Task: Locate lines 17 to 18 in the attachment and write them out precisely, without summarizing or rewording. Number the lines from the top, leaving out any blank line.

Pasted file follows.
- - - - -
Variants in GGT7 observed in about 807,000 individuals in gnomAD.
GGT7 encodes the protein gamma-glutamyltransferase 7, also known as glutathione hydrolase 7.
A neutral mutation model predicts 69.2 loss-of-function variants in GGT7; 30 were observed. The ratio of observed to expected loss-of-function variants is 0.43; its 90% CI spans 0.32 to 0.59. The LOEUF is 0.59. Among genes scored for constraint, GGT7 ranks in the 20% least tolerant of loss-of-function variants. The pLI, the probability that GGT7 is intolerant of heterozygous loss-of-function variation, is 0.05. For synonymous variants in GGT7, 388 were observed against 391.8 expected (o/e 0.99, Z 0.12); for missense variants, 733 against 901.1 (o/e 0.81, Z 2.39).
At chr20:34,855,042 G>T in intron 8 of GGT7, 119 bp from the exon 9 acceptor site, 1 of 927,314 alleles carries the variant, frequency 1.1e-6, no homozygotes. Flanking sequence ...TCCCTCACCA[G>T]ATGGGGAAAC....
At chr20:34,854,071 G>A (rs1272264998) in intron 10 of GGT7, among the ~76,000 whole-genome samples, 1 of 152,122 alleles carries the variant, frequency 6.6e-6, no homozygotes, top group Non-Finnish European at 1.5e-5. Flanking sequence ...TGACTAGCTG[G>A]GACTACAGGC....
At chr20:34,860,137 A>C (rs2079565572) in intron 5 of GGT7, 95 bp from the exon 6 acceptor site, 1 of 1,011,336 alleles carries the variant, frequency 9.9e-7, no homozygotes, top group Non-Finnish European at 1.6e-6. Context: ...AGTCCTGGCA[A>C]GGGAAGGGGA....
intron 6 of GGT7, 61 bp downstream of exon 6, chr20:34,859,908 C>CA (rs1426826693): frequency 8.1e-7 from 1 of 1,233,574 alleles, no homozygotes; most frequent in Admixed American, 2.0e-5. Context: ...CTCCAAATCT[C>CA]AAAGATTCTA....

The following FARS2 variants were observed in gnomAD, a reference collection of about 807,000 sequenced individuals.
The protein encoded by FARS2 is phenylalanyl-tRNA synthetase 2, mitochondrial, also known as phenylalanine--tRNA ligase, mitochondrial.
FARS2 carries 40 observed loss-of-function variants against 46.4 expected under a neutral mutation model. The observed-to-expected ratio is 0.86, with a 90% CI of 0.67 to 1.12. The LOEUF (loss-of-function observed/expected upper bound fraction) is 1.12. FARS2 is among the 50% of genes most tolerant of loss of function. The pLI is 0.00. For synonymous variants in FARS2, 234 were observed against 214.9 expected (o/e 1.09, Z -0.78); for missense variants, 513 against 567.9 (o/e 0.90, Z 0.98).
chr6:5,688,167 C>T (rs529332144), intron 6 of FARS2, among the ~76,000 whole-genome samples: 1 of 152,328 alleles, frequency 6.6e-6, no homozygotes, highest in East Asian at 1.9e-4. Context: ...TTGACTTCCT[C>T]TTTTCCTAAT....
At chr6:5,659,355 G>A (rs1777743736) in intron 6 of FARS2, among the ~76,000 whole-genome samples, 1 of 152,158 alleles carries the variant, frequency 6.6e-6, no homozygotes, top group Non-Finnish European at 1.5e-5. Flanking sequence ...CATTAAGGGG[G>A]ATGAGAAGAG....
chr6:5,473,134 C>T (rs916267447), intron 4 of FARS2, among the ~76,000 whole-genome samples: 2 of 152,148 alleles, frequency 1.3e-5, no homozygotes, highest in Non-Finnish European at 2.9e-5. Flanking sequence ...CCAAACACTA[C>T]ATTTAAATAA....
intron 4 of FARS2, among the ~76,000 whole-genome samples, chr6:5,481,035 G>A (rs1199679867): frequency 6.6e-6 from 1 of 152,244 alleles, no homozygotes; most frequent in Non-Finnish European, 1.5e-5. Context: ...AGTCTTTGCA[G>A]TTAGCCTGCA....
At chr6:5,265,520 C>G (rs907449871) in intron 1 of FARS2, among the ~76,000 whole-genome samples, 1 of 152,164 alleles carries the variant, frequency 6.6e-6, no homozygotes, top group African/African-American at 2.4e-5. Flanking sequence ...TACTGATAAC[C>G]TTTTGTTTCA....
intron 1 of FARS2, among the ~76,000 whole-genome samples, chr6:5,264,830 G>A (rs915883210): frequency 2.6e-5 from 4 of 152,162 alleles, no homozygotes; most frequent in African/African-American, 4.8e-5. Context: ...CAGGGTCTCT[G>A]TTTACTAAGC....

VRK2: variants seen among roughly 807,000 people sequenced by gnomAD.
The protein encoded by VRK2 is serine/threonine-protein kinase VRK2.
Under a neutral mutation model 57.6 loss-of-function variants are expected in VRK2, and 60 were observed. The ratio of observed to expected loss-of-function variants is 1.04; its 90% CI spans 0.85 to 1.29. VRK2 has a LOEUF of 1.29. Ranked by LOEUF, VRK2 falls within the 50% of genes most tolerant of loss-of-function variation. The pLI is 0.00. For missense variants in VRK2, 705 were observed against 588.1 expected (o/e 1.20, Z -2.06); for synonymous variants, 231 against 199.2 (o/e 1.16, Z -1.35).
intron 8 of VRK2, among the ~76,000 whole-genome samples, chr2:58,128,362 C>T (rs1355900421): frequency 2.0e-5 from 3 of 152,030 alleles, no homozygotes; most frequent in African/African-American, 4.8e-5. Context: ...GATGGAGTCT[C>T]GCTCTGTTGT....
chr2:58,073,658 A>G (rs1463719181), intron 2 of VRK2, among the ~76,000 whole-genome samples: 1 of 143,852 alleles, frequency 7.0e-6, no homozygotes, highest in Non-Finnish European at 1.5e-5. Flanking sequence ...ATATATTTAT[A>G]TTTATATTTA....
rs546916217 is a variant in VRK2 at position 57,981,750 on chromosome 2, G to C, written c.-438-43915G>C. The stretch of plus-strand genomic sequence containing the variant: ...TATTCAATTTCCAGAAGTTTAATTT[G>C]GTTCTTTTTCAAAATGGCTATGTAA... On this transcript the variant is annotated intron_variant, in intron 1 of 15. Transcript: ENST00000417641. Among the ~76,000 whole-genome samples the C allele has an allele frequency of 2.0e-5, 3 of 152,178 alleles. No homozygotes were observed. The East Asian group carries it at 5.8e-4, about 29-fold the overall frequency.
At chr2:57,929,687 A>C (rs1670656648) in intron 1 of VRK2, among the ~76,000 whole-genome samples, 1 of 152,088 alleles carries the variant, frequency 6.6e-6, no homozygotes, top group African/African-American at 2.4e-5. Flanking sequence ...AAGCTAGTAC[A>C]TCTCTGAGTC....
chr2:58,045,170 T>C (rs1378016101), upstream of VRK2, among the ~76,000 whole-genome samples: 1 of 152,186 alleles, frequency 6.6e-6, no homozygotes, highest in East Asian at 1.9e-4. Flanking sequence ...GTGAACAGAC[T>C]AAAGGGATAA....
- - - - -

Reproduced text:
VRK2: variants seen among roughly 807,000 people sequenced by gnomAD.
The protein encoded by VRK2 is serine/threonine-protein kinase VRK2.